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3 Different Approaches to VoIP Phone Lines
How VoIP telephone lines differ from analog and PRI and how to choose.

By: John Shepler

Businesses large and small have been migrating to VoIP telephone technology for years now. Some are delighted with the move and have never look back. Others feel like they’ve lost something in the way of performance. The calls are often muddled and it’s hard to carry on a two way conversation. Would you believe that its the exact same technology involved? Why is it that VoIP telephony can range from excellent to unacceptable? Let’s take a look.

What’s VoIP
VoIP or Voice over Internet Protocol is a means to convert telephones into computer peripherals. The reason to do that is both to save money and enable applications that just won’t work on the old style telephone network. Network voice is a powerful tool, but can more easily be degraded that simpler analog phones.

Old School Phone Systems
Business phone lines are sometimes called POTS for Plain Old Telephone Service. They consist of twisted copper pair wires that run directly from the phone set all the way to the telephone company. Each phone has its own set of wires. Once you get more than a few phones, however, you face a mounting phone bill since the telco charges you to make internal as well as external calls.

Companies get around this by installing their own phone switches. Small systems use Key Telephone Systems where multiple outside lines are available on each phone but you can also call within the building on your own wiring. Larger companies install PBX (Private Branch Exchange) switches that manage a pool of outside lines that can be assigned to any phone as needed.

If you only have a couple of phones, each with their own line, the phone company takes care of all the switching for you. With many phones, you become your own little phone company for inside calls. That means you have to take care of all the special phone wiring and the Key or PBX switching equipment. Plus, you have to pay for multiple outside analog lines or a digital PRI trunk to get to the public telephone system.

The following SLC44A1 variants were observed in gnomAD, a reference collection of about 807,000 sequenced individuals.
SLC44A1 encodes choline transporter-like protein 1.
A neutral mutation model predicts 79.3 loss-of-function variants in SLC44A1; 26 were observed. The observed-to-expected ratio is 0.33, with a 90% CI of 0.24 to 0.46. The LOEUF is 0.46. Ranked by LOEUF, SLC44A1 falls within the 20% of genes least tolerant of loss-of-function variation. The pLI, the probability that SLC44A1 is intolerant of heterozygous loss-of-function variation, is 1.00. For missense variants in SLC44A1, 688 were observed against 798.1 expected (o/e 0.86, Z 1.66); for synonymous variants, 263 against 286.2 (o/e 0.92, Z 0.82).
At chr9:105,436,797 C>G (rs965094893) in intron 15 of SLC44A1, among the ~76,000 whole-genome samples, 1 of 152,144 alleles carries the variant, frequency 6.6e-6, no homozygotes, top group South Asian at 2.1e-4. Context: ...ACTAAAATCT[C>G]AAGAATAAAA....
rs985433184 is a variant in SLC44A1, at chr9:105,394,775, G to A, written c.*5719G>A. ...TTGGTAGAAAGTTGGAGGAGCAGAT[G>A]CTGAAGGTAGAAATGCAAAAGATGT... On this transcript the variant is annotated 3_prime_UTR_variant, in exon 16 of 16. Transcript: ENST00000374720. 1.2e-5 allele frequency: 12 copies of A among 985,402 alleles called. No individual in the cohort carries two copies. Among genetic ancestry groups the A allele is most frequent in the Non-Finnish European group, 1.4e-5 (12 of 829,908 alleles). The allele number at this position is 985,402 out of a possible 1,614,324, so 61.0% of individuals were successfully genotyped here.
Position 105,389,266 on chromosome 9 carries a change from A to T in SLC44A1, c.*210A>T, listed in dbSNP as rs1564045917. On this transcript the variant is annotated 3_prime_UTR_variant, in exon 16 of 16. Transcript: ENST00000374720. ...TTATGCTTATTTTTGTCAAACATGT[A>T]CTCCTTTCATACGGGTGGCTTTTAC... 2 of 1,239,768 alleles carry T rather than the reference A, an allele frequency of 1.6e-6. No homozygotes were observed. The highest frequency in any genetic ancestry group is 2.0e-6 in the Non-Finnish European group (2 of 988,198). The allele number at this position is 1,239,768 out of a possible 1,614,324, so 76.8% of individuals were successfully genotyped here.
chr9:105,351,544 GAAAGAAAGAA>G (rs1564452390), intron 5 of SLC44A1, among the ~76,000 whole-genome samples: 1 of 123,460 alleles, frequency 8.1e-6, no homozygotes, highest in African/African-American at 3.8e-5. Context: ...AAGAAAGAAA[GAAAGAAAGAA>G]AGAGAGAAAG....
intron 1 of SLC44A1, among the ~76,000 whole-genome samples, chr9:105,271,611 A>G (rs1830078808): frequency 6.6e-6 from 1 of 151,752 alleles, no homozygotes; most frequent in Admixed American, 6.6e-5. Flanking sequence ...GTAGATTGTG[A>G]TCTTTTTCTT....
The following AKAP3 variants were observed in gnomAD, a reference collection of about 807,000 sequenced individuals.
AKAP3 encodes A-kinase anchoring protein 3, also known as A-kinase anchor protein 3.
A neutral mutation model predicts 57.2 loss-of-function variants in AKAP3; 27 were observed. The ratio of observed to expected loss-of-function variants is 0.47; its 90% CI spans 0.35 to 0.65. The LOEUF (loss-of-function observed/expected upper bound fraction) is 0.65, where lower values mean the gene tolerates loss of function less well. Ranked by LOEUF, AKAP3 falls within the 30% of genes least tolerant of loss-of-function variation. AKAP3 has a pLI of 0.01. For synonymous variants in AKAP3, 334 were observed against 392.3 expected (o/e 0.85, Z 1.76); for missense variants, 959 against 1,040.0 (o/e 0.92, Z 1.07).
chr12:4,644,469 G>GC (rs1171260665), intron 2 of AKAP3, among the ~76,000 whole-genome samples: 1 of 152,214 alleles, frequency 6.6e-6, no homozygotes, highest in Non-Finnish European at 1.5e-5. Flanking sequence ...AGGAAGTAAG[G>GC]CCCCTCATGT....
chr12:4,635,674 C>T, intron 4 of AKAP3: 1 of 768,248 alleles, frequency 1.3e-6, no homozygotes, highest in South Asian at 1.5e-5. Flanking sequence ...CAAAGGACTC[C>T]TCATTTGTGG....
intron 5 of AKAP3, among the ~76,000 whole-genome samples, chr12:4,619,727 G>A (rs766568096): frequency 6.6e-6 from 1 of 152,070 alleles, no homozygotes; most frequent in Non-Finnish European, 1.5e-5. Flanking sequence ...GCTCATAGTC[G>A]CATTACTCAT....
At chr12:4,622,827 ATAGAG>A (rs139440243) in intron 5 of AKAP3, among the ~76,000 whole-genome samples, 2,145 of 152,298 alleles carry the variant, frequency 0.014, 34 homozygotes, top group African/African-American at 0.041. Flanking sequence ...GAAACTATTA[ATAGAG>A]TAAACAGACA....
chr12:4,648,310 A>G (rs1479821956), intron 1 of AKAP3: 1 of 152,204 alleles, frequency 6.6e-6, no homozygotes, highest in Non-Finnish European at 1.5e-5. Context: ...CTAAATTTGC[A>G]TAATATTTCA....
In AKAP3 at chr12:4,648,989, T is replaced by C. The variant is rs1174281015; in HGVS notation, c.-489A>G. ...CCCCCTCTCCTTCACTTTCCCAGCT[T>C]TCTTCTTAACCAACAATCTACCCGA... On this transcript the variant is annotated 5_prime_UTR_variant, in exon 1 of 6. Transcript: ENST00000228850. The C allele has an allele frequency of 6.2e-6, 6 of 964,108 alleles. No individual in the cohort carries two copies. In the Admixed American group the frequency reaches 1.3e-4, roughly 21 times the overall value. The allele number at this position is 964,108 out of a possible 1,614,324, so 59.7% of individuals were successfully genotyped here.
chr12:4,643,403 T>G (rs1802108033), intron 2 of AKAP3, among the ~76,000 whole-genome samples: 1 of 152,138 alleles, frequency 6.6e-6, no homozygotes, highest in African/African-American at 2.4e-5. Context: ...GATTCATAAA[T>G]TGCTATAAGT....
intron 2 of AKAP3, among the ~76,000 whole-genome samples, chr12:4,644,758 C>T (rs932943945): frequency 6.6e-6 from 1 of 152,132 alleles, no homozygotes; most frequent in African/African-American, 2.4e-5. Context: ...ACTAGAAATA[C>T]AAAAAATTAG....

How VoIP is Different
With VoIP, each phone plugs into your company LAN. That gets rid of the second special phone network. You still need something to switch the calls between phones. This can be a VoIP PBX or IP PBX that you have in-house. It can also be a much larger hosted PBX system from a hosted VoIP service provider. Hosted means that a specialized company “hosts” or run the system. You are one of many clients that they host. It’s pretty much like buying web hosting. You simply pay by the month for service instead of having to install and maintain your own equipment.

VoIP Phone Line Needs
All VoIP phones connect to a local network. This can be a small home office network that has only a computer, WiFi router, VoIP phone adaptor (for a regular phone) and broadband modem. Or, it can be an extensive corporate LAN that is bridged into multiple business locations nationwide and even overseas. The principles and the requirements for high quality performance are the same.

Since the network is shared with many phones and other computing devices, it take some doing to make sure that you get high performance. With dedicated analog lines, that’s the phone company’s problem. With VoIP, it’s now your IT problem.

What’s needed is plenty of bandwidth to accommodate all the phones and other devices. But that’s not enough. You need to give the voice packets priority over data because phone calls will start sounding muddled and choppy long before you notice that the file is loading slower. The network also needs low latency, packet loss and jitter to be transparent to the packets carrying the VoIP digitized phone conversations.

3 Types of VoIP Phone Lines
All analog phone lines are alike. All ISDN PRI trunks are alike. VoIP phone lines can be quite different. They range from Internet VoIP to SIP Trunks to MPLS private networks.